FCC prepares for test of unlicensed TV band devices

Today may ultimately prove to be an important day for the future of electronic newsgathering — particularly with respect to wireless mic operation.

That’s because the FCC Office of Engineering and Technology has asked parties interested in operating low-power devices on unused TV frequencies to notify it by today of their intentions to submit a prototype for upcoming testing.

While the process is of keen interest to those devoted to protecting DTV transmission from harmful interference, such as the Association for Maximum Television (MSTV), the devices to be tested and the way they are evaluated are also pertinent to those responsible for ENG wireless mic operation. The most commonly used wireless mic VHF frequencies fall within 174MHz to 216MHz, and in the UHF band from 470MHz to 806MHz.

According to MSTV president David Donovan, there’s already a shortage of spectrum for wireless mic use. As a result, frequency coordination for large news events, such as political conventions, can take months to coordinate, he said. Inserting unlicensed devices into the mix could exacerbate the already bad situation to the point where it may be nearly impossible to use a wireless mic without interruption from interference.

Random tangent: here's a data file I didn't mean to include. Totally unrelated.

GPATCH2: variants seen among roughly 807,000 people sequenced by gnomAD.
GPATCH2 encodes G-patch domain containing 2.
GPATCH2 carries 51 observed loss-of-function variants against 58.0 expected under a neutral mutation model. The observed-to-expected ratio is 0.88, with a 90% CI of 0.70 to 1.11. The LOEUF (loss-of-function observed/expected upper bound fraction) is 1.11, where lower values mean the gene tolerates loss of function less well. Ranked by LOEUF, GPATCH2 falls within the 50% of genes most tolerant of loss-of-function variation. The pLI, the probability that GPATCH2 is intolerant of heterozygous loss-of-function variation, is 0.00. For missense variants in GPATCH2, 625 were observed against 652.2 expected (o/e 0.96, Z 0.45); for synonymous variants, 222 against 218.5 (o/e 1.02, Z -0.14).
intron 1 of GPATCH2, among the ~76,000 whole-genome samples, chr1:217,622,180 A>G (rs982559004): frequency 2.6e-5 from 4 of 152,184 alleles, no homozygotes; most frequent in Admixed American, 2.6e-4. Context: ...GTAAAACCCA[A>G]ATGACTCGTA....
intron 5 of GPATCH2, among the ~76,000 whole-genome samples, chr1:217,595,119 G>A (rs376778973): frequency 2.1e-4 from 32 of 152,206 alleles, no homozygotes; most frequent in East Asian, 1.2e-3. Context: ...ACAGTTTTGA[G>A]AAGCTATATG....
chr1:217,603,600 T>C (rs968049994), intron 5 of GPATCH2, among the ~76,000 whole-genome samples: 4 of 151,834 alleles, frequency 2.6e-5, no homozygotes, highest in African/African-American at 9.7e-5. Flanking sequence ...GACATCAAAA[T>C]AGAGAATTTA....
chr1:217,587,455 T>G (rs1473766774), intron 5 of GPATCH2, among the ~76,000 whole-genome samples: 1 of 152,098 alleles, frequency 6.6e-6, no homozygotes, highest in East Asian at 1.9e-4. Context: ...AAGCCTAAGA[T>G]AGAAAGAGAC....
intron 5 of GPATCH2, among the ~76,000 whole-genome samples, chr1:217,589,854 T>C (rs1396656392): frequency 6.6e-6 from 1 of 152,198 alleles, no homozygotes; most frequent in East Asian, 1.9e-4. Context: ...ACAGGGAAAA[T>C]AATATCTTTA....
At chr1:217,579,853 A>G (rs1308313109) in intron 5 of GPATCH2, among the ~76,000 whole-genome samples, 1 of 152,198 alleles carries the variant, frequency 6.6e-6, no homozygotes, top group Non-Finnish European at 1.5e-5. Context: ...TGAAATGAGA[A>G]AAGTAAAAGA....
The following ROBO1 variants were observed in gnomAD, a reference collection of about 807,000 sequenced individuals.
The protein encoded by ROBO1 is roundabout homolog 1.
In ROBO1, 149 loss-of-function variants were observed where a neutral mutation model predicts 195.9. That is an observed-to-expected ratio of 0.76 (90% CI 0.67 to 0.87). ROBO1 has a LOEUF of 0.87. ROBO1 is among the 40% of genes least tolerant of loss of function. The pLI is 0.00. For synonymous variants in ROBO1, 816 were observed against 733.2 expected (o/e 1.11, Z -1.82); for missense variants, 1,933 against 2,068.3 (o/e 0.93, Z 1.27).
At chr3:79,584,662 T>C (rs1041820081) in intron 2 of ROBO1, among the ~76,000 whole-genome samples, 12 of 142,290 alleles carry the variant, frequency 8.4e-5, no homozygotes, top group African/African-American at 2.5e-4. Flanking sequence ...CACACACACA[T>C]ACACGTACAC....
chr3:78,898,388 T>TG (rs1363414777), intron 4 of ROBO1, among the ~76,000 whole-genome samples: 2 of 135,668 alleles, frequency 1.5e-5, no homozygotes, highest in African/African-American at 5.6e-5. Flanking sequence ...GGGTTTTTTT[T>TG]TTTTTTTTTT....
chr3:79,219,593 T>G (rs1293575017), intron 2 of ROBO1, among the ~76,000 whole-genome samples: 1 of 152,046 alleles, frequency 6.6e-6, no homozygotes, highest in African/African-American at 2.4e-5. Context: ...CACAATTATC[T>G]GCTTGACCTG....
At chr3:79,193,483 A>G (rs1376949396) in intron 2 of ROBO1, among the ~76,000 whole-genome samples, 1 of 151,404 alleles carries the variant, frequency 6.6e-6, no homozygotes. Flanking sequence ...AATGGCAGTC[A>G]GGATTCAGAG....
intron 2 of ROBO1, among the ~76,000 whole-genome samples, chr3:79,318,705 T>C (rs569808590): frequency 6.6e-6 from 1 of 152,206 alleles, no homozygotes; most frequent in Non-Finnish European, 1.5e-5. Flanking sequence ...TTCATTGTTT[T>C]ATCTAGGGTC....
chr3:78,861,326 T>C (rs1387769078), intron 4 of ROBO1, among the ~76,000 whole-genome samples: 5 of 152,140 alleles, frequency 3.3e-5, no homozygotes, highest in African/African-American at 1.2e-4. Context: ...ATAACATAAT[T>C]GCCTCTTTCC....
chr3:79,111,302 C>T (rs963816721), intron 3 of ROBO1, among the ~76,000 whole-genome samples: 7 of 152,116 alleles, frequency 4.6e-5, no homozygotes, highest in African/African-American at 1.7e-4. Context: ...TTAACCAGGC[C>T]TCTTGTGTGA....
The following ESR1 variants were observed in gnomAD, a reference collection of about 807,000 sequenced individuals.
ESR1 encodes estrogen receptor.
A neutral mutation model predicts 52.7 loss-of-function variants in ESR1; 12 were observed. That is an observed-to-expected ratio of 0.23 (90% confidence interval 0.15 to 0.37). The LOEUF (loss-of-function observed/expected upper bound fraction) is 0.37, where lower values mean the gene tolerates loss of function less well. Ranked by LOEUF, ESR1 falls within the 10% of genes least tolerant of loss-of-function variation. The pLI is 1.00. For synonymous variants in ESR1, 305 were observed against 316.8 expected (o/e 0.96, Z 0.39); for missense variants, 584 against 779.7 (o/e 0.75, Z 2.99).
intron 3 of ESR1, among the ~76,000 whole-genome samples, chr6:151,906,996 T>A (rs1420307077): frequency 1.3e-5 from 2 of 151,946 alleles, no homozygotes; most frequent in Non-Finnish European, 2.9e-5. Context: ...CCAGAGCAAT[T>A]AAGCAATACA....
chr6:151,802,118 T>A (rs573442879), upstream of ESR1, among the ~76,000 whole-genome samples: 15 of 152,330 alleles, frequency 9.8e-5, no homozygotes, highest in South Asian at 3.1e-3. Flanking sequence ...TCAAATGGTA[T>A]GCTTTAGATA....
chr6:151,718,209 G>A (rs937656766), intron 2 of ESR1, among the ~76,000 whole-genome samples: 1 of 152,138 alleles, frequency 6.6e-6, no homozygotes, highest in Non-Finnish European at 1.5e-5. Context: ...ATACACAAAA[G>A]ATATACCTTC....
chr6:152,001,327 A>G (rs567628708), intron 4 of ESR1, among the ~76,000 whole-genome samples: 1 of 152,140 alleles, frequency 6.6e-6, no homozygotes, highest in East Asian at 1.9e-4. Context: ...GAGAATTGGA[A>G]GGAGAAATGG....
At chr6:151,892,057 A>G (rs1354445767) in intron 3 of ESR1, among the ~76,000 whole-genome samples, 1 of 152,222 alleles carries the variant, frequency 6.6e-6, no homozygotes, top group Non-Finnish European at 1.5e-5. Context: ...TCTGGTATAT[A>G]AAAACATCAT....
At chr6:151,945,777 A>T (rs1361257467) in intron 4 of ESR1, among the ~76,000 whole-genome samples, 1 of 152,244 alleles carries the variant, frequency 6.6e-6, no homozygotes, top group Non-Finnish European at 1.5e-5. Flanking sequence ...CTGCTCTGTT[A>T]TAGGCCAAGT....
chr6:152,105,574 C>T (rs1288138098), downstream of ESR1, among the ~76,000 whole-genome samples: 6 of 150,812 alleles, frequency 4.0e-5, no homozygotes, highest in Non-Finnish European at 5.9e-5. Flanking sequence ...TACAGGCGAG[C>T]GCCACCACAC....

The high-tech industry has expressed a strong interest in using white spaces between occupied TV channels for new devices. The government, and FCC chairman Kevin Martin in particular, are proponents of expanding broadband Internet access nationwide. Using portions of the TV spectrum between occupied channels is seen as a possible solution for delivering wireless broadband service to rural areas of the country where running coax or fiber is too expensive or impractical.

Proponents of using unlicensed devices in the TV band envision products with built-in cognitive or smart technology to detect the presence of TV transmissions and prevent the device from transmitting signals that could interfere with TV.

Detection of wireless mic transmitters on TV frequencies, however, is a problem. The scope of the problem is potentially significant. While the range of out-of-band interference that could impact digital television reception may be about 75ft, first-adjacent channel interference can have an impact up to 2500ft and co-channel interference can disrupt reception for miles, particularly in areas with low signal strength, Donovan said.

The FCC test being set up to evaluate these prototype devices aims to examine how well these proposed unlicensed devices protect against interfering with TV signals.

According to Donovan, there’s no assurance that interference to wireless mics will be tested, which could endanger ENG. "I think you are going to have real problems (from unlicensed wireless devices)," he said. "You will never be sure that the wireless mics will work at the right time."